The 366 daily episodes in 2014 were chronological snapshots of earth history, beginning with the Precambrian in January and on to the Cenozoic in December. You can find them all in the index in the right sidebar. In 2015, the daily episodes for each month were assembled into monthly packages, and a few new episodes were posted. Now, the blog/podcast is on an occasional schedule with diverse topics, and the Facebook Page showcases photos on Mineral Monday and Fossil Friday. Thanks for your interest!

Saturday, May 31, 2014

May 31. End Devonian extinctions

We’ve talked this month about the abundance of life in the Devonian – the spreading of plants across the land, and even the first forests. Both diversity and abundance resulted in oil and natural gas source systems that add up to one of the largest in all of geologic history.  It all came to a rather screeching halt with two major extinction events toward the end of the Devonian. 

The first occurred before the end of the period, at the boundary between the last two subdivisions of Devonian time, the Frasnian and Fammenian stages, at about 374 million years ago. A second event took place at the end of the Devonian, about 359 million years ago.

Together these two events wiped out something like 75% or more of all species – some estimates say as much as 87%. Depending on how you look at it – diversity, abundance, marine, non-marine, the end Devonian extinctions might be second to the end Permian extinction, but in any case, the end of the Devonian is one of the “big five” mass extinctions in earth history.

It’s quite clear that the extinctions were associated closely with anoxic periods in the world’s oceans – times when the oxygen content of the water decreased drastically. That gives us a starting point for trying to determine the causes.

One possibility is climate change. You may recall that western Gondwana was situated over the south pole during much of the Devonian, but there’s not much evidence for glaciation until late in the period. A Late Devonian glacial epoch would have decreased sea level, and as we’ve heard in previous extinctions, that reduces shallow water niches for life as well as cooling the average water temperature. Life that lives in warm, shallow, well-oxygenated water suffers.

Another possibility is that all the life on land – plants including trees, for the most part – would have resulted in a dramatic increase in the volume of nutrients washing from the land into rivers and ultimately into the sea. Enough nutrients could have led to immense algal blooms that could have produced eutrophication – stagnation – in shallow or restricted seas.

Plants on land would have accelerated chemical weathering of rocks as they form soil. By burying organic matter, it would have been a form of carbon sequestration, and reducing carbon dioxide in the atmosphere would have reduced the greenhouse effect and resulted in cooling. That in turn might be tied to the glaciation, or the glaciation might have begun for some other reason such as changes in the earth’s orbit, but it might have been accelerated by the removal of CO2 from the atmosphere by land plants.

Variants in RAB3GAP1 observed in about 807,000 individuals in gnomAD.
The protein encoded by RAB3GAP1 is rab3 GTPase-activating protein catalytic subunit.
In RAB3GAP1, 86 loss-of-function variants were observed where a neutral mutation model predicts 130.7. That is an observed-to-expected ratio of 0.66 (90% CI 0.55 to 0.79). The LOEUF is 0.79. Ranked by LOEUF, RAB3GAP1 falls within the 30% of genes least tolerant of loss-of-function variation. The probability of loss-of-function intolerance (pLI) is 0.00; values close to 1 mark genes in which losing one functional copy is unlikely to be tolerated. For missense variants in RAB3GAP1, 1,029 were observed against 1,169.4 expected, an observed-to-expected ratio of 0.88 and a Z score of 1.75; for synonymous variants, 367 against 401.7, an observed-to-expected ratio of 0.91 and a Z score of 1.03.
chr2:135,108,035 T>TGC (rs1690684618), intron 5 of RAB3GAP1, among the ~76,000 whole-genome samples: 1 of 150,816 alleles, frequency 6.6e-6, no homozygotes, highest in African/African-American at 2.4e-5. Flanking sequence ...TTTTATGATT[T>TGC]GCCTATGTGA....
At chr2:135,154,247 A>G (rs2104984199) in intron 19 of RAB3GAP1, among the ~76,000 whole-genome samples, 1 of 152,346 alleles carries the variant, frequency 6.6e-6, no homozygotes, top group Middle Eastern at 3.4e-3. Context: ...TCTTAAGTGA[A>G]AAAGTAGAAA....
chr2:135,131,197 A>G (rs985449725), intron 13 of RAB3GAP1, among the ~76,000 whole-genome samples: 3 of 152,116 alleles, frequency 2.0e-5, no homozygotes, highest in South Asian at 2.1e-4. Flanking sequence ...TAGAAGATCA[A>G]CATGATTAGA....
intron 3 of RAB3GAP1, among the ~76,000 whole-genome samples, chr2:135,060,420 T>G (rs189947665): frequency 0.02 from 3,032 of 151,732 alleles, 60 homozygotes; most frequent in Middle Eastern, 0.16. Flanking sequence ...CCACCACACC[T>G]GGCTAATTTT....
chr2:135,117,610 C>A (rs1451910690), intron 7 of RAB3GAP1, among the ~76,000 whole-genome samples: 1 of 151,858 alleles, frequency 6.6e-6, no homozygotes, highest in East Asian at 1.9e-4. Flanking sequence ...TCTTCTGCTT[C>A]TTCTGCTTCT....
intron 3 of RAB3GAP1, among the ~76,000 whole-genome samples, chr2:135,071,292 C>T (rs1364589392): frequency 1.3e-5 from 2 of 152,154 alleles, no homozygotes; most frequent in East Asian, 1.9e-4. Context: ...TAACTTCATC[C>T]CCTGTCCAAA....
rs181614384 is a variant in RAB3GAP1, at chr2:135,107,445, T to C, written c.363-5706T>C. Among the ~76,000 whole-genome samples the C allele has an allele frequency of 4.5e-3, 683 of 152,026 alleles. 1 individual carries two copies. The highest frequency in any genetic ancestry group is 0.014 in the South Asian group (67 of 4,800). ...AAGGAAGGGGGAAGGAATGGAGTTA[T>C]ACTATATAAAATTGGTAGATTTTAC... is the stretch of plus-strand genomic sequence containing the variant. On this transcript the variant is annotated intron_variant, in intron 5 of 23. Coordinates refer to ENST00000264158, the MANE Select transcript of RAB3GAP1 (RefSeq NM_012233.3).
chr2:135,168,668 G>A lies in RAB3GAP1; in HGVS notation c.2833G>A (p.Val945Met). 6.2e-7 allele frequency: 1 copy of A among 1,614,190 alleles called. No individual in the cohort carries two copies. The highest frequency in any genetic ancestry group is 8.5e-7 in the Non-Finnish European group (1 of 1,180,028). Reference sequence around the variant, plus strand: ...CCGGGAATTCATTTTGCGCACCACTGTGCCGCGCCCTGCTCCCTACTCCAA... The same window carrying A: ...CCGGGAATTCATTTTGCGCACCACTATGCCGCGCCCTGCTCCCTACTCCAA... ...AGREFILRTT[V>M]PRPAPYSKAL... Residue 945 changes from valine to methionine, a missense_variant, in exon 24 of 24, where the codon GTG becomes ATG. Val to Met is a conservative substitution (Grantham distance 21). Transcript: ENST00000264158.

There’s some speculation that an impact or impacts from an asteroid or other bolide might have triggered, or at least contributed to, the climatic effects that resulted in extinctions, but even though there are a couple known impacts at about the right time, they really don’t seem to have been big enough to have had the dramatic effects that are observed in the fossil record. Nor would meteoric impacts have necessarily produced the global oceanic anoxia that we know was present and the timing isn’t really right, either.

The anoxic conditions contributed to the organic-rich black shales we’ve talked about this month, so to an extent, the extinctions that led to trapping of organic matter in the rocks helped generate some important oil source rocks.

All the phyla that we have today survived the extinctions in the Late Devonian, but several sub-groups did not. The arthrodires, the huge predatory fish, went extinct, and so did the primitive armored fish, placoderms and ostracoderms. Corals suffered badly and while most groups survived, abundance decreased so that reef-building pretty much ceased and there were no substantial reef ecosystems for the next 100 million years. 

The late Devonian extinctions seem to have clearly come in at least two distinct pulses, each one lasting a million years or so, but as more information has become available, it is also looking like the “events” might have been the culminations of a longer period of crisis for life that spanned as much as 15 million years. To my mind, it’s much easier to explain things like this when they are gradual, since changes like the oceans becoming anoxic and the atmosphere losing carbon dioxide would be expected to take time. With some exceptions, of course. Catastrophes CAN happen. But it seems to me that the end Devonian extinctions probably result from changes that took a lot more time than something like a cosmic impact, and that they came about from multiple, interconnected causes.

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On this day, May 31, 1970, an earthquake in Peru killed more than 67,000 people, perhaps as many as 100,000. It was a subsea quake just off the northern coast of Peru, but there was no tsunami. The death toll was mostly the result of a landslide and avalanche in the mountains that took ice, rock, water, and debris 11 miles down a river valley to bury several towns beneath as much as 80 million cubic meters of material. The quake was related to the subduction of the Nazca Plate – part of the oceanic crust beneath the Pacific Ocean – and the South American continental plate. It was part of the process that continues to build the Andes Mountains. 
—Richard I. Gibson

British Natural History Museum

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